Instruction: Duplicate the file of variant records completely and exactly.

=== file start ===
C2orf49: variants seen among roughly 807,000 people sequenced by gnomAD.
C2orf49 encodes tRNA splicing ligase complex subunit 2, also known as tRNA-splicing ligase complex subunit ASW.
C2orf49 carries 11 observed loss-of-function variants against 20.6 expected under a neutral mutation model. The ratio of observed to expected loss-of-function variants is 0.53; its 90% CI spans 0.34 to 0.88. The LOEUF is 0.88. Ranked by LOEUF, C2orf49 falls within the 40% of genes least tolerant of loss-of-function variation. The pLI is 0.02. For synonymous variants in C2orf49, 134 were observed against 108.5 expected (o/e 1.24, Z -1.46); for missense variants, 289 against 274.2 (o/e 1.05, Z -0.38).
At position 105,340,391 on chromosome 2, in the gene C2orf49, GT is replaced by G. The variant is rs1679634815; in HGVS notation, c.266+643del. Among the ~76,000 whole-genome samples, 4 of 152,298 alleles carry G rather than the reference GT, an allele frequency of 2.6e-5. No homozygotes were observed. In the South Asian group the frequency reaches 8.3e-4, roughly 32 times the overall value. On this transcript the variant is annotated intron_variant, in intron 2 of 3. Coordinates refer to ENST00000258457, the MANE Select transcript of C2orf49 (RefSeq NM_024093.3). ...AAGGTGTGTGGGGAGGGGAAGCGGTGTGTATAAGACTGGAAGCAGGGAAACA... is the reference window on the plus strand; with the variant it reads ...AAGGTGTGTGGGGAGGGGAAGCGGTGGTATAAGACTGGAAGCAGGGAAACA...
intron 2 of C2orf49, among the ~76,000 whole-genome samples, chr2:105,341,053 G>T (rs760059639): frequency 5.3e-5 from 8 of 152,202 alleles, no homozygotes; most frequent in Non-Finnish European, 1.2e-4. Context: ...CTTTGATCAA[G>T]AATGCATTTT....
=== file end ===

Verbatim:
C2orf49: variants seen among roughly 807,000 people sequenced by gnomAD.
C2orf49 encodes tRNA splicing ligase complex subunit 2, also known as tRNA-splicing ligase complex subunit ASW.
C2orf49 carries 11 observed loss-of-function variants against 20.6 expected under a neutral mutation model. The ratio of observed to expected loss-of-function variants is 0.53; its 90% CI spans 0.34 to 0.88. The LOEUF is 0.88. Ranked by LOEUF, C2orf49 falls within the 40% of genes least tolerant of loss-of-function variation. The pLI is 0.02. For synonymous variants in C2orf49, 134 were observed against 108.5 expected (o/e 1.24, Z -1.46); for missense variants, 289 against 274.2 (o/e 1.05, Z -0.38).
At position 105,340,391 on chromosome 2, in the gene C2orf49, GT is replaced by G. The variant is rs1679634815; in HGVS notation, c.266+643del. Among the ~76,000 whole-genome samples, 4 of 152,298 alleles carry G rather than the reference GT, an allele frequency of 2.6e-5. No homozygotes were observed. In the South Asian group the frequency reaches 8.3e-4, roughly 32 times the overall value. On this transcript the variant is annotated intron_variant, in intron 2 of 3. Coordinates refer to ENST00000258457, the MANE Select transcript of C2orf49 (RefSeq NM_024093.3). ...AAGGTGTGTGGGGAGGGGAAGCGGTGTGTATAAGACTGGAAGCAGGGAAACA... is the reference window on the plus strand; with the variant it reads ...AAGGTGTGTGGGGAGGGGAAGCGGTGGTATAAGACTGGAAGCAGGGAAACA...
intron 2 of C2orf49, among the ~76,000 whole-genome samples, chr2:105,341,053 G>T (rs760059639): frequency 5.3e-5 from 8 of 152,202 alleles, no homozygotes; most frequent in Non-Finnish European, 1.2e-4. Context: ...CTTTGATCAA[G>T]AATGCATTTT....